Coaching. Rules. Etiquette. 21. Thoughts for the Off Season.
Practice makes perfect.
Practice sessions develop and build on existing skills. Match play is where those skills will be demonstrated. Quality practice induces and requires high levels of concentration. This will flow on into match performance. Focus attention on developing sound routines until they become automatic.
Bowlers need to practise skills on a daily basis. It is only by doing this that one can become good at the skill. Some examples of skills might be: Draw to a jack, draw to a spilled jack, draw to the ditch, wrest a bowl with a yard-on, drive a bowl or the jack, play a run shot, deliver the jack – short, medium, long.
Two essential skills.
Smooth release/Straight lines.
Many bowlers talk to themselves to help their focus or concentration. It can also be used to relieve pressure and maintain that calm, relaxed, in-control state, which is so important when performing a set of skills.
Pre shot routine Position the jack in the hand, Identify the line, Visualise the delivery – line and weight, Move onto the mat.
Remember the two essential skills:
*Smooth release (rolling the bowl away on its running surface)
*Straight lines (delivering the bowl consistently down the intended line).
Playing on a windy day:
Do not expect to get the same results on windy days as you would hope to achieve on calm days. A bowl that is a metre from the jack in windy conditions will often be in the count. When playing with the wind at an angle to the green play around the clock. Do not have your bowl finishing directly into the wind or finishing with the wind directly behind it. This means that the wind should always be hitting the side of your bowl as it finishes into the head. This has less impact on the slowing bowl compared with the wind hitting its running surface. Remember if you want to understand how to play in windy conditions then get out and practise on windy days.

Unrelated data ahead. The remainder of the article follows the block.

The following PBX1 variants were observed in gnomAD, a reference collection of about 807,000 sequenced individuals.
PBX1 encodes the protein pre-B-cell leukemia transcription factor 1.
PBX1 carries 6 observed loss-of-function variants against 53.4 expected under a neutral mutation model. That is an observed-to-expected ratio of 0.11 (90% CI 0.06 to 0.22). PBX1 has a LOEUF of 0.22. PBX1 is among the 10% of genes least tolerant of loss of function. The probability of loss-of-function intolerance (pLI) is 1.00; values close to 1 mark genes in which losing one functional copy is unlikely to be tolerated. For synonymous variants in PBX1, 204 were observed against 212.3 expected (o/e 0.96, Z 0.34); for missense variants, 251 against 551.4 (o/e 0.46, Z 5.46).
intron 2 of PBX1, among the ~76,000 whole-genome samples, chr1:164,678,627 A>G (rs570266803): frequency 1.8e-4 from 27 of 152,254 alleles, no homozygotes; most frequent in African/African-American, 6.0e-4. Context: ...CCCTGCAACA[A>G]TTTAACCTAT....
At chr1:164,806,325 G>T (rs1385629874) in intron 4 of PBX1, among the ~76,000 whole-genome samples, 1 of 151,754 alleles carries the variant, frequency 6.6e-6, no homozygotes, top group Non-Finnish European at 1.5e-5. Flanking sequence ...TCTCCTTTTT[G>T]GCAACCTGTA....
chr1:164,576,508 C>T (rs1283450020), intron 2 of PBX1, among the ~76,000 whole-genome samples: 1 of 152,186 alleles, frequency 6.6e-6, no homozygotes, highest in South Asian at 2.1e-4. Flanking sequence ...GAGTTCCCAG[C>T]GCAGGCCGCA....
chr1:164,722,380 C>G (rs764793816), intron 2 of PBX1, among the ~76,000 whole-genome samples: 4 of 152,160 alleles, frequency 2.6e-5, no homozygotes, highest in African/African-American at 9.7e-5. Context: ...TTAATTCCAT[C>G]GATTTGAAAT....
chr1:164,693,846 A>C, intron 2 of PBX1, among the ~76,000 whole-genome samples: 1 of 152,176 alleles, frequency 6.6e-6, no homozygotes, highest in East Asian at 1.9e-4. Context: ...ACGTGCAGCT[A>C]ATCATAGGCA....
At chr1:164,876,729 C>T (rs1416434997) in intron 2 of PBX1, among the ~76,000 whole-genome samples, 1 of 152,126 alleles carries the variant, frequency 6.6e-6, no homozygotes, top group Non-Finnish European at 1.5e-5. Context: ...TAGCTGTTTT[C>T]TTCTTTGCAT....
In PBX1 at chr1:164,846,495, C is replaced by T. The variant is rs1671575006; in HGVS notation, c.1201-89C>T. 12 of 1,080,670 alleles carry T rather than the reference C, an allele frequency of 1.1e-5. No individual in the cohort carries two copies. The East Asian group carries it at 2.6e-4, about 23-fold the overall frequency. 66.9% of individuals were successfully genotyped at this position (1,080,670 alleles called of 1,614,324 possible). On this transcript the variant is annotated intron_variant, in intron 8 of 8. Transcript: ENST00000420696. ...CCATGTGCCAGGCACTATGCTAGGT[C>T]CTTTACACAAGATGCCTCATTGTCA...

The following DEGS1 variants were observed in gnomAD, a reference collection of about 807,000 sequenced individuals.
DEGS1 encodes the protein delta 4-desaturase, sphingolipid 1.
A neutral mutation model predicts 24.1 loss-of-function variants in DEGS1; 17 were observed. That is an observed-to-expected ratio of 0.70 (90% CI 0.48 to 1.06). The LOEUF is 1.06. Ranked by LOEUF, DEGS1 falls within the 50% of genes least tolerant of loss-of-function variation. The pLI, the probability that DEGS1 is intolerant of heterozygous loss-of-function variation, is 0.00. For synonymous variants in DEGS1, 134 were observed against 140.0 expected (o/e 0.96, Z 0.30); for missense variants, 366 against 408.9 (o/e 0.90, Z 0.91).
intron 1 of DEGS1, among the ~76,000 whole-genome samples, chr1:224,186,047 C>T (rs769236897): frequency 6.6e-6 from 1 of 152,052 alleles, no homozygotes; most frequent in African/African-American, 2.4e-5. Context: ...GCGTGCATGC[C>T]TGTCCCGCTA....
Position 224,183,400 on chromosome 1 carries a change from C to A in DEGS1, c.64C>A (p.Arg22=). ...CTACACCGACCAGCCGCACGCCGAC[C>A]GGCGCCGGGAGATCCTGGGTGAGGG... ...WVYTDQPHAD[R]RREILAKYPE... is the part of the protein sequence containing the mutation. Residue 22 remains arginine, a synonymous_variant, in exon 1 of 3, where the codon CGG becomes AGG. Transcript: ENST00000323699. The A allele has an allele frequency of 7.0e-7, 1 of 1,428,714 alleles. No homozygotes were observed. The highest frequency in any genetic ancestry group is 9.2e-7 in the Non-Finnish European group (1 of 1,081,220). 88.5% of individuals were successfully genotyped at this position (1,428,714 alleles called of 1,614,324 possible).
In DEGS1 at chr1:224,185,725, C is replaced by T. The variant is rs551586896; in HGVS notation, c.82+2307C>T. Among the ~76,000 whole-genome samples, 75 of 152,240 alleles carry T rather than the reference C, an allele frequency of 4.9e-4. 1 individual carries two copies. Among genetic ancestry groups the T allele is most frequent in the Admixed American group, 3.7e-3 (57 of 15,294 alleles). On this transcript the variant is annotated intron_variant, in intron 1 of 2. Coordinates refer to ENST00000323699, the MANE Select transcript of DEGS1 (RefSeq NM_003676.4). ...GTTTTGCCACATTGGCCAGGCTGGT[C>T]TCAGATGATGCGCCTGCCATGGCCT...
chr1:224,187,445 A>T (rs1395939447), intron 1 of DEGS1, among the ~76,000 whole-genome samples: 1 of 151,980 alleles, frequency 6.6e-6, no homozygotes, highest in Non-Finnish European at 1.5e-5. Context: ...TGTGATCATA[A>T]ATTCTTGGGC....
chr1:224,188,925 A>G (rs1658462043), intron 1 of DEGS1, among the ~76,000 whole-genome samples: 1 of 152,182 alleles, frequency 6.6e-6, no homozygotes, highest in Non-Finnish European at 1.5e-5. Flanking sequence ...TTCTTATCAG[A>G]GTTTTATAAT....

Everything you want to know about bowls.
Rob Judson is a lawn bowls coach who resides in Australia at Currumbin Waters.
Have a game plan.
Generally, a game plan will reflect a chosen strategy, and will include the intended tactics for achieving it. Simplicity is an attribute of a game plan that makes it easier for competitors to remember when under pressure. Complicated or highly detailed game plans tend to be forgotten in tight contests.
A game plan should allow for changes should particular tactics prove unproductive.
Therefore, flexibility is another positive attribute for a game plan. The following points might be part of your game plan
* Always have two bowls in the head.
* Minimize errors by keeping shot losses to 1 shot
* Do not widen the head for the opposition
* Do not chase more shots and cause risk when holding shot.
* Keep composed
* Show confidence, especially if you or the team are losing.
* Do not change a game or length that is winning.
Game plan preparation:
* Minimum of 2 bowls ALWAYS in head
* Don’t drop more than 1 point
* Don’t be greedy.
* Persisting with winning lengths.
* Roll the jack to accurate lengths.
* Avoid short bowling.
* Avoid unreasonable risks.
* Have bowls in the nucleus of the head.
* Avoid distractions.
* Support and encourage team mates
If losing the plan options become:
* Change the mat length,
* Change the side you are bowling on,
* change the type of shots previously employed.
There are two levels presented – Advanced and Intermediate/Beginners with corresponding different distances. Although the form indicates short then long, varying to long then short will show your ability to change. Short should be approx 23 metres and long 29 metres. By bowling forehand then backhand you are using only one side of the green. The -2 for bowls finishing outside the further limit is important to emphasize consistency. Time to complete the exercise is about 45 minutes.
Click on the bowl and you will be taken to the North Balwyn Bowls Club.